Apple announced its Independent Repair Program last August that’s designed to let small businesses that aren’t Apple Authorized Service Providers a way to get Apple-genuine parts, training, and resources. The launch of the program was seen as a positive move for small shops that would give more customers access to legitimate repairs. However, the contract for the Independent Repair Program has recently leaked and Apple is seeing heavy criticism from lawyers and members of the repair community who are calling the terms of the contract “crazy” and “onerous.”
Motherboard recently got a copy of the contract that small businesses need to sign to join Apple’s Independent Repair Program (IRP) and says that it includes bold “terms that could give Apple significant control over businesses that choose to participate.”
One example is that if a business joins the IRP, Apple reserves the right to “unannounced audits and inspections by Apple, which are intended, at least in part, to search for and identify the use of “prohibited” repair parts, which Apple can impose fines for.”
Even if a business decides to leave the program, Apple “reserves the right to continue inspecting repair shops for up to five years.”
Those terms come on top of Apple making these Independent Repair Program partners not only advertise that they are not Apple Authorized Service Providers but also, they “must obtain ‘express written acknowledgement’ from customers showing they understand they are not receiving repairs from an authorized service provider.” That’s despite the fact that any business that’s part of the Independent Repair Program must have its staff complete Apple-certified technician training for any repairs using genuine parts.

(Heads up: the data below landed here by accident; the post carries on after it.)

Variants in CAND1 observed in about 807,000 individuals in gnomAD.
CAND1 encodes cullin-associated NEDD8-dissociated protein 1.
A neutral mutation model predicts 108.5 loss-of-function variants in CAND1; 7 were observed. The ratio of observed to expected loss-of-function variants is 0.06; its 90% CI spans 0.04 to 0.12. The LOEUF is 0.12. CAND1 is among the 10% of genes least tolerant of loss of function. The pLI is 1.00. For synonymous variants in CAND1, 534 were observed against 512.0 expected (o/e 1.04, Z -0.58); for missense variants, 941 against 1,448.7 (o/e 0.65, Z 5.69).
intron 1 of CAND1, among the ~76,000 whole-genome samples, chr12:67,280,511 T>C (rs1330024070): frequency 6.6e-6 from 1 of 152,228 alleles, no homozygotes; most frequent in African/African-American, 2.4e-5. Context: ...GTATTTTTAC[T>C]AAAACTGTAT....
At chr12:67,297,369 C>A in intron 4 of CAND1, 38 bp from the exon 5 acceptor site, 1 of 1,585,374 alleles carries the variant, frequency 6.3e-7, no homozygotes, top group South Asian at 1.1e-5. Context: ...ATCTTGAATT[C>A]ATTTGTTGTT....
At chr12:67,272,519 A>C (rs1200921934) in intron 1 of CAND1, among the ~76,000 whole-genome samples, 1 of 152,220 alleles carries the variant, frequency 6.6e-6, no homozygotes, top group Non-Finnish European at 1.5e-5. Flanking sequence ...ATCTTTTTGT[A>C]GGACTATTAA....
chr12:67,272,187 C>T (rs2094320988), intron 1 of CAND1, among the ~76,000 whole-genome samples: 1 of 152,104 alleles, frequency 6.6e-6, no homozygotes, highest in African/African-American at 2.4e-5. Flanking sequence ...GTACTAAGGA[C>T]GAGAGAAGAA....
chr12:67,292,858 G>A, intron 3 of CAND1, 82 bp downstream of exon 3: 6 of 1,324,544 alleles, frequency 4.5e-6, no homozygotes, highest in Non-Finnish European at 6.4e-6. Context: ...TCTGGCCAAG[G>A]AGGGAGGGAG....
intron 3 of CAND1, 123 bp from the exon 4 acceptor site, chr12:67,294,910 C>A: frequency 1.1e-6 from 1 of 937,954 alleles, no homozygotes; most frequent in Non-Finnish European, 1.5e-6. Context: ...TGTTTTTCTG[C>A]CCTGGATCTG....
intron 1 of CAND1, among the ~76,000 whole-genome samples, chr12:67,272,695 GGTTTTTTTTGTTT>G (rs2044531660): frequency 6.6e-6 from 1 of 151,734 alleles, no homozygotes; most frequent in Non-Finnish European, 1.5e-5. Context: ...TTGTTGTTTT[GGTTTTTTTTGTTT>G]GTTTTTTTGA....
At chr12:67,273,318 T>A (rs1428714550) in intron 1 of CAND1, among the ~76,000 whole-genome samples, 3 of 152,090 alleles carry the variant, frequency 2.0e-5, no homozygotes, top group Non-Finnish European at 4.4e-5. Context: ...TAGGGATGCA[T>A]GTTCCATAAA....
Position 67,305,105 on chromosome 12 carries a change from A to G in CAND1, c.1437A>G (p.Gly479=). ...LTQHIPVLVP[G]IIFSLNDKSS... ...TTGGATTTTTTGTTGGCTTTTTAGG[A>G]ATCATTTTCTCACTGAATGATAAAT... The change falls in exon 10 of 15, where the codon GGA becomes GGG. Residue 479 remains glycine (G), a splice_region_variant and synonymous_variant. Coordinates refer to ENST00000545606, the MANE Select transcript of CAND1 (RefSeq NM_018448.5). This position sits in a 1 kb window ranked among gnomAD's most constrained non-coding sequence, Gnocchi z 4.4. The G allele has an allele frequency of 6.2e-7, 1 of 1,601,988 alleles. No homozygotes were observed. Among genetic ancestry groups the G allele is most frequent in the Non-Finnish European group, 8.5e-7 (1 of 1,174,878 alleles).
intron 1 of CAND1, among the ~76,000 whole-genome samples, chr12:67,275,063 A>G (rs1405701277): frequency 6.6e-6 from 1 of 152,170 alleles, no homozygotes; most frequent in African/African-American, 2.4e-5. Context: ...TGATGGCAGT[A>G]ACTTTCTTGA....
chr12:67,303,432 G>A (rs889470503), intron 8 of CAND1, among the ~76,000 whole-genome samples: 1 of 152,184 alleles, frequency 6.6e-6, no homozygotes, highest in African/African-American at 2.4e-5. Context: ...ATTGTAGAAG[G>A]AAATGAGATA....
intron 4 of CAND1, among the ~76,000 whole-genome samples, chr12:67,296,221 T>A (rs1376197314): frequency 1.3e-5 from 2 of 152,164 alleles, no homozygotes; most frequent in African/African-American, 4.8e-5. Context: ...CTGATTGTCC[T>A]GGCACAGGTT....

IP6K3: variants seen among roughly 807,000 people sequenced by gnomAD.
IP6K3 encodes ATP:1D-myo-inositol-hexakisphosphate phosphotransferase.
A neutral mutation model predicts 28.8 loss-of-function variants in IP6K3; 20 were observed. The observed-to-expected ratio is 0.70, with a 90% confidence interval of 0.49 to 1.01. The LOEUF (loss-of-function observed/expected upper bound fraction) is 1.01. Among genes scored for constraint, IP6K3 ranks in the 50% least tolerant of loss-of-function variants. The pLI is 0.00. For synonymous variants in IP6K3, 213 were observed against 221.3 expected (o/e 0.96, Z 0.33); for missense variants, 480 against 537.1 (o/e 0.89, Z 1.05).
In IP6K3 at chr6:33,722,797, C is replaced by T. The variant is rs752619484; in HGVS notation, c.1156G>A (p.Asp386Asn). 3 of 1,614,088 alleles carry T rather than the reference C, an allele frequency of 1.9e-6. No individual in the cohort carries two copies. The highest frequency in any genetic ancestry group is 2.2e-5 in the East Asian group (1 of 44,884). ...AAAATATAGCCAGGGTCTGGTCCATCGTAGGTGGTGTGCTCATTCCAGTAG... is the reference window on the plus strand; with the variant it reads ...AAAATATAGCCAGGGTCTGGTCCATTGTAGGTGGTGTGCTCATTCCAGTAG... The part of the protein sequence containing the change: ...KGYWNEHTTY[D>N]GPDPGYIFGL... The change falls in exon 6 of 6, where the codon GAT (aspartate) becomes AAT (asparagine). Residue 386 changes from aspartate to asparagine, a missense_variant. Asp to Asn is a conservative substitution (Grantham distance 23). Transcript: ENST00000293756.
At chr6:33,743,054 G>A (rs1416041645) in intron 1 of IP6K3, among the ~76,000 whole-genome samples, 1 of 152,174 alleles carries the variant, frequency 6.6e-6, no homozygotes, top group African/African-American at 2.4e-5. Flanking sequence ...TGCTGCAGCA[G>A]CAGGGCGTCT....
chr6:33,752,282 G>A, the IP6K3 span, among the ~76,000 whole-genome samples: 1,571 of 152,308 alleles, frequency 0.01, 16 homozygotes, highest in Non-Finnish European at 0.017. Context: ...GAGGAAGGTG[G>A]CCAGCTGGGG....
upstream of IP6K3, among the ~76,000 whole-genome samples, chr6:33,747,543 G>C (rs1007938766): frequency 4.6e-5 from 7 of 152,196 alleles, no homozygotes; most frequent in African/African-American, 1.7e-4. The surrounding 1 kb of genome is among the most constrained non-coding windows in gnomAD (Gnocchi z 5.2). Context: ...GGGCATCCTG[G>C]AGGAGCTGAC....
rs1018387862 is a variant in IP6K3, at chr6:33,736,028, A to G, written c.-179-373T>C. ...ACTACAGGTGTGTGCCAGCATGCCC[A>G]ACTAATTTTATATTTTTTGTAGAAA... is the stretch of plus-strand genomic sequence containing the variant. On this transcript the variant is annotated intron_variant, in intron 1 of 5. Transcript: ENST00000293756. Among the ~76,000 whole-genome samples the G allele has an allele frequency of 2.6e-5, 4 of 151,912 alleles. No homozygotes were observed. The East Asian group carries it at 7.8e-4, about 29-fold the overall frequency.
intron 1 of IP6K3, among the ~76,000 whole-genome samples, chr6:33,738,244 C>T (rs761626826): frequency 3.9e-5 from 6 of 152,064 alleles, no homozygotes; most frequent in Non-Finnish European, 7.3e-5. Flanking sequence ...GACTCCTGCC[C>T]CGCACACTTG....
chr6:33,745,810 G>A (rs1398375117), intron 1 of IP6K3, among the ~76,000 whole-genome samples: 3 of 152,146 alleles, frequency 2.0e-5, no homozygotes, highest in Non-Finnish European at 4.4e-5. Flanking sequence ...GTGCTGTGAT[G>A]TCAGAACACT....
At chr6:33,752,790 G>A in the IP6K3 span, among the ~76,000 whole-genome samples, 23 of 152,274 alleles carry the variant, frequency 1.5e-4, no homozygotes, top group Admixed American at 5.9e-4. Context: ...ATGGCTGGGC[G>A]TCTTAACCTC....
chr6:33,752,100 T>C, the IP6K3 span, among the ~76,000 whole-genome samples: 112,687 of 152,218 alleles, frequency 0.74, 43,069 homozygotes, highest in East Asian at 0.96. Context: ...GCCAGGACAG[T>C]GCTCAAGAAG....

as Nathan Proctor, a right to repair advocate with the US Public Research Interest Group put it, “is like going to a normal repair shop except one that advertises against [itself] at every possible moment.”
The contract also warns IRP partners about using “counterfeit Products or service parts,” and “products or service parts that infringe on Apple’s intellectual property.” This drew more concern and criticism from lawyers since there isn’t a clear definition of what those off-limits parts or products are.
“That is an ambiguous, subjective, and potentially very broad definition,” said Aaron Perzanowski, a law professor at Case Western Reserve University. “As a result, it gives Apple a lot of leverage over the companies that sign this agreement.”
While all of this makes it sound like few businesses will be signing up for the program, that might not be the case. For many, the decision may hinge on how important it is to get Apple-official parts direct from the company.
While several repair shops Motherboard spoke to said they would never join the program because of its onerous terms, others said that they simply valued the opportunity to get parts directly from the manufacturer.
One example was from FruitFixed owner, Justin Carroll who told Motherboard he viewed the IRP program as an “olive branch” from Apple.
Check out the full report from Motherboard.
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